To Khartoum It was a strange sensation to feel a bit nippy. I hadn’t felt cold since that night in Sheik Jarrah in East Jerusalem, three countries and many weeks previous. I had woken early to catch the bus to Khartoum, and as the sun was rising on the other side of the Nile, the air was pleasant, far from the stifling heat to which I had become accustomed. Sat in one of the coaches that plies the new Chinese/oil funded roads in North Sudan, the air conditioning was pumping out cold air. Only when the driver opened a window briefly was one brought back to the reality of the interminable heat of this country, reinforced by the desert landscape that unfolded the other side of the smoked glass. I was alone in keeping a crack open between the curtains, watching the expanse of sand and rocks stretch to the horizon, occasionally spilling out onto the road. My fellow passengers were well aware of the monotonous landscape through which the tarmac traced, and it held little interest for them, looking out only at the occasional army checkpoint. Despite the vast expanse of glass that constitutes the front of a modern bus, the view the driver had of the road was small, peering in-between plastic flowers, numerous Tweetie Pi’s, empty gift bags and other trinkets. Faith was put in the Masha’Allah (approximately “God has willed it”) sticker that adorns all public transport, as the bus swung around corners and overtaking wildly, all the time leaning on the horn. Time seems to hold little value in this part of the world, except when behind a steering wheel. Arriving into Omdurman, the city neighbouring the Sudanese capital, separated by the confluence of the Blue & White Nile, the first image I had was of a lorry driving past full of armed soldiers. It seemed the archetypal cliché of Africa. I wondered what to expect in Khartoum — the name conjuring up many images — and what the atmosphere would be like with the elections looming. The bus stopped at the edge of the giant Omdurman souq, where boys carrying blocks of ice weaved between tea-ladies and water coolers. Within two minutes of stepping into the stifling air of the city, three men had proffered the “traditional” Sudanese faux-leopard skin shoes. There seemed an odd juxtaposition between the midday, heat-induced lethargy as men lay under vehicles, napping in their shade, and the bustle of the souq. Taking another, local bus to Khartoum itself, we crossed the Nile and I found myself in the dusty streets of downtown Khartoum, wandering around in the mid-afternoon sun with more than twenty kilos on my back, wondering where I would be spending the night. Once the afternoon power-cut had subsided, my question was answered by an Italian Cooperation worker. Couch-surfing in Khartoum.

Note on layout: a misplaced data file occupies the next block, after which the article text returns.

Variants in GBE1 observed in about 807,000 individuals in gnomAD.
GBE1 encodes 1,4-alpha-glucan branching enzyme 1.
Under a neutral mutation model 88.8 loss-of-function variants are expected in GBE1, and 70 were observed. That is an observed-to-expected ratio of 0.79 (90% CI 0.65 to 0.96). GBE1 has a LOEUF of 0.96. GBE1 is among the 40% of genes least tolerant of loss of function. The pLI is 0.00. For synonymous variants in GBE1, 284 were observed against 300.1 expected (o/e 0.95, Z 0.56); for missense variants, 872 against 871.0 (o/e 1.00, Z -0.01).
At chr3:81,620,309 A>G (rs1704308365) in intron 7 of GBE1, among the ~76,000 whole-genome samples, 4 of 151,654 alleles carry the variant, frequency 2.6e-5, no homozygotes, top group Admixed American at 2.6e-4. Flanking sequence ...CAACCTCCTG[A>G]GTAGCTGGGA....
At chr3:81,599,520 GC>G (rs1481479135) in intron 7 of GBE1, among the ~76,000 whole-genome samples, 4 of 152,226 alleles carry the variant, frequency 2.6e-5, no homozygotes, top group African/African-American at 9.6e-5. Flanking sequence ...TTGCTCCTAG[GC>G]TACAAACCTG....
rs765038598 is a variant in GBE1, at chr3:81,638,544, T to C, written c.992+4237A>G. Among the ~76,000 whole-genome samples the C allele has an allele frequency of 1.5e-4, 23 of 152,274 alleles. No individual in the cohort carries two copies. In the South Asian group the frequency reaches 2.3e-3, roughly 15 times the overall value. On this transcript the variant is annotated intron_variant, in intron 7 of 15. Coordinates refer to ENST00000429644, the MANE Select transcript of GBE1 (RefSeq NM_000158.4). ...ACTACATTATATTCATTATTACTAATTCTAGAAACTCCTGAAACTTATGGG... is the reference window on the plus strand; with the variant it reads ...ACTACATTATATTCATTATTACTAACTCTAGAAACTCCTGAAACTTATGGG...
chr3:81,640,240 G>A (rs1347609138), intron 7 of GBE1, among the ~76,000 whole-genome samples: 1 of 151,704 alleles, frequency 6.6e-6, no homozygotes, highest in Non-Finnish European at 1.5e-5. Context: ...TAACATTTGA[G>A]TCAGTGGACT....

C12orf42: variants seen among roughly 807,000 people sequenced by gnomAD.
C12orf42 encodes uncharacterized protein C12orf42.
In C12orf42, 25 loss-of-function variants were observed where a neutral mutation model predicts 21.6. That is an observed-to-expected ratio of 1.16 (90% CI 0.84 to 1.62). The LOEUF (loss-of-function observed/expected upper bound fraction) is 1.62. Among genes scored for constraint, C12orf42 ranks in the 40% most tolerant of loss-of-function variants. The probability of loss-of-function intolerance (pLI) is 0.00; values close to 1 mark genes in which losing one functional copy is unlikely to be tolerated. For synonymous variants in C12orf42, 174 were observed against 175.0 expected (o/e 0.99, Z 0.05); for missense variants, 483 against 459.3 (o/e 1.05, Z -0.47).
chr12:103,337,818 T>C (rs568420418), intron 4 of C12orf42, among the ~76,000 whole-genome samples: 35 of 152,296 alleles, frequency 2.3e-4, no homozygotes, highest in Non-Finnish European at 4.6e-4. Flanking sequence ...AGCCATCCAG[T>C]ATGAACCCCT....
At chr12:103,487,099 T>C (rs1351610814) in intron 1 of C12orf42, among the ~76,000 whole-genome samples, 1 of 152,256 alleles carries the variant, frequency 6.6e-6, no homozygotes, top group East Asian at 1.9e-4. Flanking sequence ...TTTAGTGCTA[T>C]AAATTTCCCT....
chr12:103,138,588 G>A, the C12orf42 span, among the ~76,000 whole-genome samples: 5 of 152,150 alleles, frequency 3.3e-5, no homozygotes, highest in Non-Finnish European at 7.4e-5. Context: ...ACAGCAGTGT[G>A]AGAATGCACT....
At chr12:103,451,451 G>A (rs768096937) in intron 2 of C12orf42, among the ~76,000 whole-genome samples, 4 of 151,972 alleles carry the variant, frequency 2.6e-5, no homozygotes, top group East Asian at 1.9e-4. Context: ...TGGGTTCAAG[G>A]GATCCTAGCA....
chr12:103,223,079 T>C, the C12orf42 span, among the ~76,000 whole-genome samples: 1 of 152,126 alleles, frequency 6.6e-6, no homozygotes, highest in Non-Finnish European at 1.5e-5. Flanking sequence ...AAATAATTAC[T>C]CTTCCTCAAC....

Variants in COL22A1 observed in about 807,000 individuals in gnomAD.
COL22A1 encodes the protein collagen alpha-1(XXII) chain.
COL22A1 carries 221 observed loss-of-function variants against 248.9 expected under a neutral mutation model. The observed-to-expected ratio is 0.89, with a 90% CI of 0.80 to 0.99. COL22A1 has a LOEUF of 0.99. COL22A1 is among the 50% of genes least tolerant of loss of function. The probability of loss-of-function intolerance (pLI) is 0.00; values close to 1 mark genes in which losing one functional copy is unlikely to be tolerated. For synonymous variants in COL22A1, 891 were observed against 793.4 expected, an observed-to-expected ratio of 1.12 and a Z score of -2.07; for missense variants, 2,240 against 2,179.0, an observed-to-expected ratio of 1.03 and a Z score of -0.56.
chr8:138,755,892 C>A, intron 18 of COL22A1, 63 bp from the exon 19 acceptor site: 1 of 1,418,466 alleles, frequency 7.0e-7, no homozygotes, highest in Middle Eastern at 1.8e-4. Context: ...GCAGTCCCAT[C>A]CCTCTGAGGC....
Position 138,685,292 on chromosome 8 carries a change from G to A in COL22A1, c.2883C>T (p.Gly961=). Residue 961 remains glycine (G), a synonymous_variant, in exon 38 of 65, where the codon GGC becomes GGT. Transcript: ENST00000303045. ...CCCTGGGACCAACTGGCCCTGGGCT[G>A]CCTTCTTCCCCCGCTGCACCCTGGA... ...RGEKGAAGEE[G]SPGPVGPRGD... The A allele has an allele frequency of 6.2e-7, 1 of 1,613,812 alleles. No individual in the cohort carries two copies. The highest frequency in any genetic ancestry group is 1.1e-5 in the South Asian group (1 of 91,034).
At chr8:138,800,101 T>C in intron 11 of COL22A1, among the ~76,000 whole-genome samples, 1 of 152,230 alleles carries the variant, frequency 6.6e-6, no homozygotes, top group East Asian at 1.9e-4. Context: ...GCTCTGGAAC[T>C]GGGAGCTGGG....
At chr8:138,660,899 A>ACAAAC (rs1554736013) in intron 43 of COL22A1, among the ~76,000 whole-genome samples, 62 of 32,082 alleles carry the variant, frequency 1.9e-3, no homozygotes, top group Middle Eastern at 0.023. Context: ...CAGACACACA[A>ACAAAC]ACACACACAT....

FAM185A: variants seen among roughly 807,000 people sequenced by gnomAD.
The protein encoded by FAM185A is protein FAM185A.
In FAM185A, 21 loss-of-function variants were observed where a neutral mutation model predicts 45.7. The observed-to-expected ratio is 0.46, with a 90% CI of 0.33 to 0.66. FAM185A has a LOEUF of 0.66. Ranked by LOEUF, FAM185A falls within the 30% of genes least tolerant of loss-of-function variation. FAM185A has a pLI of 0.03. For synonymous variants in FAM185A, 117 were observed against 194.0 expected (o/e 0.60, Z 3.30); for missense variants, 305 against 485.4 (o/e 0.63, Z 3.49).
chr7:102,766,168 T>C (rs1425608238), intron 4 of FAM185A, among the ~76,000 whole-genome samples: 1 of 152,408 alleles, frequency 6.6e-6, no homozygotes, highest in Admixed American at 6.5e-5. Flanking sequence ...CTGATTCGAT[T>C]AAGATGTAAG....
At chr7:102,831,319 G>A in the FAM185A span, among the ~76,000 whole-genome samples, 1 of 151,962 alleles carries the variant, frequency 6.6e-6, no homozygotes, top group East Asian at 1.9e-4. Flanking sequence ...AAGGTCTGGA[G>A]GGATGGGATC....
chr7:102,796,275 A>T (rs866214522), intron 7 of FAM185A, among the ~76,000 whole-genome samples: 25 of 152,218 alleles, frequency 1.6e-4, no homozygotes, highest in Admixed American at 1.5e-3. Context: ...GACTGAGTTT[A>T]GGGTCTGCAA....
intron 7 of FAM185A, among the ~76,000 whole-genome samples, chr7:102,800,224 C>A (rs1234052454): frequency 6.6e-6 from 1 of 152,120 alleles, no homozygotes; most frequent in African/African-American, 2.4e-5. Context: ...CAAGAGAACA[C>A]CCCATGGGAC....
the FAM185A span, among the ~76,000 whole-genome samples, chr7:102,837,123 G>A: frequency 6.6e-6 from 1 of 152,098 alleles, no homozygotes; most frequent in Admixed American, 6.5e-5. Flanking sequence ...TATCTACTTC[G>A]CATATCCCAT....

To Khartoum

It was a strange sensation to feel a bit nippy. I hadn’t felt cold since that night in Sheik Jarrah in East Jerusalem, three countries and many weeks previous.

I had woken early to catch the bus to Khartoum, and as the sun was rising on the other side of the Nile, the air was pleasant, far from the stifling heat to which I had become accustomed. Sat in one of the coaches that plies the new Chinese/oil funded roads in North Sudan, the air conditioning was pumping out cold air. Only when the driver opened a window briefly was one brought back to the reality of the interminable heat of this country, reinforced by the desert landscape that unfolded the other side of the smoked glass. I was alone in keeping a crack open between the curtains, watching the expanse of sand and rocks stretch to the horizon, occasionally spilling out onto the road. My fellow passengers were well aware of the monotonous landscape through which the tarmac traced, and it held little interest for them, looking out only at the occasional army checkpoint.

Despite the vast expanse of glass that constitutes the front of a modern bus, the view the driver had of the road was small, peering in-between plastic flowers, numerous Tweetie Pi’s, empty gift bags and other trinkets. Faith was put in the Masha’Allah (approximately “God has willed it”) sticker that adorns all public transport, as the bus swung around corners and overtaking wildly, all the time leaning on the horn. Time seems to hold little value in this part of the world, except when behind a steering wheel.

Arriving into Omdurman, the city neighbouring the Sudanese capital, separated by the confluence of the Blue & White Nile, the first image I had was of a lorry driving past full of armed soldiers. It seemed the archetypal cliché of Africa. I wondered what to expect in Khartoum — the name conjuring up many images — and what the atmosphere would be like with the elections looming.

The bus stopped at the edge of the giant Omdurman souq, where boys carrying blocks of ice weaved between tea-ladies and water coolers. Within two minutes of stepping into the stifling air of the city, three men had proffered the “traditional” Sudanese faux-leopard skin shoes. There seemed an odd juxtaposition between the midday, heat-induced lethargy as men lay under vehicles, napping in their shade, and the bustle of the souq.

Taking another, local bus to Khartoum itself, we crossed the Nile and I found myself in the dusty streets of downtown Khartoum, wandering around in the mid-afternoon sun with more than twenty kilos on my back, wondering where I would be spending the night. Once the afternoon power-cut had subsided, my question was answered by an Italian Cooperation worker. Couch-surfing in Khartoum.